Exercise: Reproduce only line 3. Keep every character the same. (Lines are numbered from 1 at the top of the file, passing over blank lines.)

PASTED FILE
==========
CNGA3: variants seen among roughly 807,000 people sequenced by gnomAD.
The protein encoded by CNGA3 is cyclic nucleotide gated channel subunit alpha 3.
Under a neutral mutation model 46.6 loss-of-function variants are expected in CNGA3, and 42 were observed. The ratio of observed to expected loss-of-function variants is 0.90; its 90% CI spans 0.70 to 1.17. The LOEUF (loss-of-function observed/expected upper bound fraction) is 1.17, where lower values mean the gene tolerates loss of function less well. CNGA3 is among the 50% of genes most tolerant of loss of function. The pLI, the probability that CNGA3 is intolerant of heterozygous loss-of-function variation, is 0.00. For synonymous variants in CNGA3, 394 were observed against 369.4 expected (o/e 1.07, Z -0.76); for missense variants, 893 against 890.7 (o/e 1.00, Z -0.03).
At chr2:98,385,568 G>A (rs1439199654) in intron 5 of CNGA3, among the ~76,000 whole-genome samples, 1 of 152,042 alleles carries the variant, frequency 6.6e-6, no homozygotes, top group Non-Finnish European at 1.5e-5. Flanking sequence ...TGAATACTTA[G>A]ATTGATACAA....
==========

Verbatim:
Under a neutral mutation model 46.6 loss-of-function variants are expected in CNGA3, and 42 were observed. The ratio of observed to expected loss-of-function variants is 0.90; its 90% CI spans 0.70 to 1.17. The LOEUF (loss-of-function observed/expected upper bound fraction) is 1.17, where lower values mean the gene tolerates loss of function less well. CNGA3 is among the 50% of genes most tolerant of loss of function. The pLI, the probability that CNGA3 is intolerant of heterozygous loss-of-function variation, is 0.00. For synonymous variants in CNGA3, 394 were observed against 369.4 expected (o/e 1.07, Z -0.76); for missense variants, 893 against 890.7 (o/e 1.00, Z -0.03).